AS Monaco

 

Stadium Information

Club

AS Monaco

Stadium

Stade Louis II

Address

Stade Louis II,

Fontvieille,

Monaco

Club / Stadium Contact for Disabled Supporters

Name

Telephone number

Email address

Website address

Disabled Supporters Group

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Telephone number

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Access Information for Disabled Supporters

Getting there and Parking

 

From Nice airport: Take the accessible 110 express bus, which runs every 30 minutes between 6 :45am and 9:15pm. The trip takes around 45 minutes. A single costs €20 and a return €30. For more information and to book: www.niceairportxpress.com

 

From the SNCF train station Monaco Monte Carlo: Take the bus line 5 or 6 in the direction of ‘fontvieille’, get off at the stadium stop ‘arrêt stade Louis II’. The trip takes about 20 minutes. A single costs €2 if bought on the bus, or €1.50 at ticket machines.

 

By car: Accessible parking spaces are located underground in P1, with direct access to the stadium, and are stewarded. The maximum height of vehicles is 2.05m. Parking on match days cost €3. 

 

For further information on getting around Monaco, please see the access map contained in the link below:-

http://en.service-public-particuliers.gouv.mc/Public-Services-for-Individuals/Profiles/Disabled-people/Access-map-for-people-with-reduced-mobility

 

Getting a Ticket

 

Disabled fans can only purchase tickets at the stadium turnstile on the day of the match and must present proof of disability (the orange card in France, which indicates disability level of at least 80%)

For ambulant disabled fans, only full price tickets are available for European games. 

Spectator Viewing areas

 

Wheelchair userThere are 34 wheelchair user spaces, which are located in the section ‘réservée B’, level 3. Companion seating is located behind. The area is protected from bad weather; sightlines are good, unless fans in front stand up.

 

Amenities

 

There are two accessible toilets: 1 male and 1 female, both are located 40m from the accessible seating area.

There is no signage for these toilets and they are not equipped with transfer bars. 

Services

 

Useful Publications and Policies

 

For further guidance, please refer to 'Access for All' - the UEFA and CAFE Good Practice Guide to Creating an Accessible Stadium and Matchday Experience, available in 13 different languages here.

 

For the detailed CAFE stadia report, please click here.

FANS COMMENTS - HAVE YOUR SAY!

 

Have you visited this stadium recently? If so, please share your match day experience by posting your comments in the section below.

 

Please tell us about your match day experience - what was good, not good or could be improved.

 

Please upload any photos or any documents that help to explain your match day experience.

 

Your comments are important and will assist other disabled fans planning to visit this stadium and may help the stadium or club to improve its existing facilities and services. If you prefer, you can also post your fans comments anonymously.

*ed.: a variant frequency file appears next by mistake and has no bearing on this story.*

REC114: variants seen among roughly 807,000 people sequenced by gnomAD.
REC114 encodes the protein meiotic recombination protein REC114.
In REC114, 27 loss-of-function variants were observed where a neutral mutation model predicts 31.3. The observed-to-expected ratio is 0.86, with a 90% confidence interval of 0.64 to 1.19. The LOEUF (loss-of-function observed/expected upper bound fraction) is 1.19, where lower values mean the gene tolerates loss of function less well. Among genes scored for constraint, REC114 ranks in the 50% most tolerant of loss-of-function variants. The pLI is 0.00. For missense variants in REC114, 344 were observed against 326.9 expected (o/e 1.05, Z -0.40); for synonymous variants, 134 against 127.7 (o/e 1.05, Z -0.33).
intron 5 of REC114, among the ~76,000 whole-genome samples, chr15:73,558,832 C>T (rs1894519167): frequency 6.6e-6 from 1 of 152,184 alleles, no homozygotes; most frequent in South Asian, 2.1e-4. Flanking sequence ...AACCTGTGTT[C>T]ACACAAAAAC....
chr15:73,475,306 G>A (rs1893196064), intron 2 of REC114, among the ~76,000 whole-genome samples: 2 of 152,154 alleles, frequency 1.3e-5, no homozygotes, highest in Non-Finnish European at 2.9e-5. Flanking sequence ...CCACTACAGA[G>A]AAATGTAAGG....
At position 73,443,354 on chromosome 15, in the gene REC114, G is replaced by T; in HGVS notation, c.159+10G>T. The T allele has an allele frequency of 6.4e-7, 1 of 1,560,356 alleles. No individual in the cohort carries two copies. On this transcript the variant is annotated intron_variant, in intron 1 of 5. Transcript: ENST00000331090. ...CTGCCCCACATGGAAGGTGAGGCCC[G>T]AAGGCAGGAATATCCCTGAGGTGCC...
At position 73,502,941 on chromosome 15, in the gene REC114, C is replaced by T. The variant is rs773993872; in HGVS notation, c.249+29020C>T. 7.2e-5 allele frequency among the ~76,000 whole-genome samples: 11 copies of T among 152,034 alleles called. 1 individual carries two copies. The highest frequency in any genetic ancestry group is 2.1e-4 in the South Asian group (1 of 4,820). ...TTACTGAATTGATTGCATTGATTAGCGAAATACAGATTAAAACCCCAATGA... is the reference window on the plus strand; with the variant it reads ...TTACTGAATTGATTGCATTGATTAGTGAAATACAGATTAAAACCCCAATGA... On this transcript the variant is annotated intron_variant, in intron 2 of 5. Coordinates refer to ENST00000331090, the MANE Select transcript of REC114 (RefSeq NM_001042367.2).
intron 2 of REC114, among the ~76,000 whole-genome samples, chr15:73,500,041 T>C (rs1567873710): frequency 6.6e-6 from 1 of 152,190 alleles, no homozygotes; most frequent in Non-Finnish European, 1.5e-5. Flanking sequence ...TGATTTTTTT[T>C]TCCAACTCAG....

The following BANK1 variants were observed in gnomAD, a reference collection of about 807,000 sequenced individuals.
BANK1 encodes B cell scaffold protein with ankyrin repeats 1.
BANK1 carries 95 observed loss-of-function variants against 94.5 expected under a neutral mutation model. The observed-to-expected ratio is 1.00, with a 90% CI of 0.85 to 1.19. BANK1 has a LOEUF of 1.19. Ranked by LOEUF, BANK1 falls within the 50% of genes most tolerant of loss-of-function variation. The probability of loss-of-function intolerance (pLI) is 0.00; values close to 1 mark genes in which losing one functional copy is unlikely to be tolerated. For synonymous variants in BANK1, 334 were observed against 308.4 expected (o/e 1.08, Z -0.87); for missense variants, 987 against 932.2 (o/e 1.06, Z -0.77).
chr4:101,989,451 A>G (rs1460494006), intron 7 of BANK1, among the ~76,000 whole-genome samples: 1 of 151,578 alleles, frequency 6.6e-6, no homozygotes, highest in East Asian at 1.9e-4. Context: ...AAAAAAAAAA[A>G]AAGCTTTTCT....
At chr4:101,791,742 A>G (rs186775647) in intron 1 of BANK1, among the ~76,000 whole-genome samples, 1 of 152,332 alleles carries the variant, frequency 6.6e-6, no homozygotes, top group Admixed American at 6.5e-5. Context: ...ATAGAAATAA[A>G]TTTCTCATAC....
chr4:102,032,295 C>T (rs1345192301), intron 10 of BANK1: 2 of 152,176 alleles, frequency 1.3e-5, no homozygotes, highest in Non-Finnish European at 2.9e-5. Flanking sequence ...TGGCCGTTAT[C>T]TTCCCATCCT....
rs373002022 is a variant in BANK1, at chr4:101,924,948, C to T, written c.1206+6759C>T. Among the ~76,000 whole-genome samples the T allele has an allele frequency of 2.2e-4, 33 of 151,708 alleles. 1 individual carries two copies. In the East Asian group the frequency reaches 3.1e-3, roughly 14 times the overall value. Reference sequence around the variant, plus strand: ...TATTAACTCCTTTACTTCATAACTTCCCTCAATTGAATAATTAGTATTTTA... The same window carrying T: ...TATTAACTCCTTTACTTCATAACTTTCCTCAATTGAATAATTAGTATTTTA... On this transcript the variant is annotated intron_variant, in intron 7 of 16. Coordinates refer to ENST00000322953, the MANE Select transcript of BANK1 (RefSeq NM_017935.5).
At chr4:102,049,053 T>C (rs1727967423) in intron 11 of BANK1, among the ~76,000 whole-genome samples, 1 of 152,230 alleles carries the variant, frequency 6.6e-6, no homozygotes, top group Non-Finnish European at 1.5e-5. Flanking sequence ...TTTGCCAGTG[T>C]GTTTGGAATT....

Please note – To ensure comments posted are without malice, they are authorised by CAFE before being published on this website.

 

If you require assistance in using this section, please contact us by email at info@cafefootball.eu or send us a tweet@cafefootball or telephone +44(0)20 8621 2405 or Skype us at cafe-football and we will be pleased to help.

 

Translations provided automatically by Google

 

Comments

Elena Popova

Match: Monaco v CSKA Moscow 02/11/2016

Published: 16/11/2016

 

Accesible entrance point

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Elena Popova

Match: Monaco v CSKA Moscow 02/11/2016

Published: 16/11/2016

 

Accessible viewing area 

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Elena Popova

Match: Monaco v CSKA Moscow 02/11/2016

Published: 16/11/2016

 

It was difficult finding the accessible entrance at the stadium, as there were no signs directing us. We went to wrong tribune at first, staff there were unable to help very much as they spoke very little English. We eventually found the CSKA disability access officer who led us to the main tribune where the accessible entrance is. From here, we went into the elevator to the wheelchair viewing area. The view from here was really good, I could see the pitch clearly and my companion was able to sit next to me on a chair given to him by stewards when we entered. We were sat mainly with Monaco fans, but as this is area was the central tribune there were some other CSKA supporters here too.

 

The accessible toilets are located in another tribune, but it was easy to get them as a steward opened the gates between the tribunes and took us through to the toilets. The toilets were really clean, but unfortunately, there wasn’t any handrails. I did not buy any food or drink in the stadium, but I do not think it was possible for me to get to the area where these were on sale even if I wanted to buy anything.

 

Monaco is very hilly so the easiest way to get to the stadium was using the bus, all the buses in Monaco are wheelchair accessible with an automatic ramp for the wheelchair to gain entry and comfortable space inside the bus for wheelchairs. The bus stop is very near to the stadium. Getting to Monaco from Nice was also easy. We made this journey by train, we needed to get help from staff at Nice station to get on to the train as the platform is lower than the train so a ramp was needed. In Monaco the platform was level with the train so no help is needed. 

 

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Anthony Joy

Match: AS Monaco v Arsenal - Champions League - 17th March 2015

Published: 19/3/2015

 

View if fans stood

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Anthony Joy

Match: AS Monaco v Arsenal - Champions League - 17th March 2015

Published: 19/3/2015

 

The wheelchair area in the Guichets Tribune

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Anthony Joy

Match: AS Monaco v Arsenal - Champions League - 17th March 2015

Published: 19/3/2015